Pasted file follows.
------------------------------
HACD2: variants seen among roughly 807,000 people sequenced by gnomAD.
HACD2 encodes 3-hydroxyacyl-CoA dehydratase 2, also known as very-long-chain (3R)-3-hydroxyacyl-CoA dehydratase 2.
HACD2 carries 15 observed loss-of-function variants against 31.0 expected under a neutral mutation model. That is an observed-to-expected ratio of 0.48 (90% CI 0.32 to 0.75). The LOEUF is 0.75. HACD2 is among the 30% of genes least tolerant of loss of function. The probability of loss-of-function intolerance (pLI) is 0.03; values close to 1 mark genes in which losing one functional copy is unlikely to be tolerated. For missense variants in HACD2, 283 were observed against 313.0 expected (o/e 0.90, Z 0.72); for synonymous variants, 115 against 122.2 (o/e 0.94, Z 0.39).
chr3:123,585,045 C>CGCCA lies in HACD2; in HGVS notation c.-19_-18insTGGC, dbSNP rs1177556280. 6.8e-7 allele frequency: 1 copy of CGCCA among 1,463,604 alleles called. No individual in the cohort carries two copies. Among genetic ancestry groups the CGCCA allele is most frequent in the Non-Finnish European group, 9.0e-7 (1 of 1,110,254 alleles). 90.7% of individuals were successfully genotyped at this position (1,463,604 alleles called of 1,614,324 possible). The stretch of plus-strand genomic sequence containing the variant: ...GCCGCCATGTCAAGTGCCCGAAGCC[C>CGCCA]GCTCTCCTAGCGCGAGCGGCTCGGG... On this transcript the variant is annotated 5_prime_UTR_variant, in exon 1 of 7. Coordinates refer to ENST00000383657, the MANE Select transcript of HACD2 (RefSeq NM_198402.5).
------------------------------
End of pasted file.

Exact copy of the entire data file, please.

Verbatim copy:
HACD2: variants seen among roughly 807,000 people sequenced by gnomAD.
HACD2 encodes 3-hydroxyacyl-CoA dehydratase 2, also known as very-long-chain (3R)-3-hydroxyacyl-CoA dehydratase 2.
HACD2 carries 15 observed loss-of-function variants against 31.0 expected under a neutral mutation model. That is an observed-to-expected ratio of 0.48 (90% CI 0.32 to 0.75). The LOEUF is 0.75. HACD2 is among the 30% of genes least tolerant of loss of function. The probability of loss-of-function intolerance (pLI) is 0.03; values close to 1 mark genes in which losing one functional copy is unlikely to be tolerated. For missense variants in HACD2, 283 were observed against 313.0 expected (o/e 0.90, Z 0.72); for synonymous variants, 115 against 122.2 (o/e 0.94, Z 0.39).
chr3:123,585,045 C>CGCCA lies in HACD2; in HGVS notation c.-19_-18insTGGC, dbSNP rs1177556280. 6.8e-7 allele frequency: 1 copy of CGCCA among 1,463,604 alleles called. No individual in the cohort carries two copies. Among genetic ancestry groups the CGCCA allele is most frequent in the Non-Finnish European group, 9.0e-7 (1 of 1,110,254 alleles). 90.7% of individuals were successfully genotyped at this position (1,463,604 alleles called of 1,614,324 possible). The stretch of plus-strand genomic sequence containing the variant: ...GCCGCCATGTCAAGTGCCCGAAGCC[C>CGCCA]GCTCTCCTAGCGCGAGCGGCTCGGG... On this transcript the variant is annotated 5_prime_UTR_variant, in exon 1 of 7. Coordinates refer to ENST00000383657, the MANE Select transcript of HACD2 (RefSeq NM_198402.5).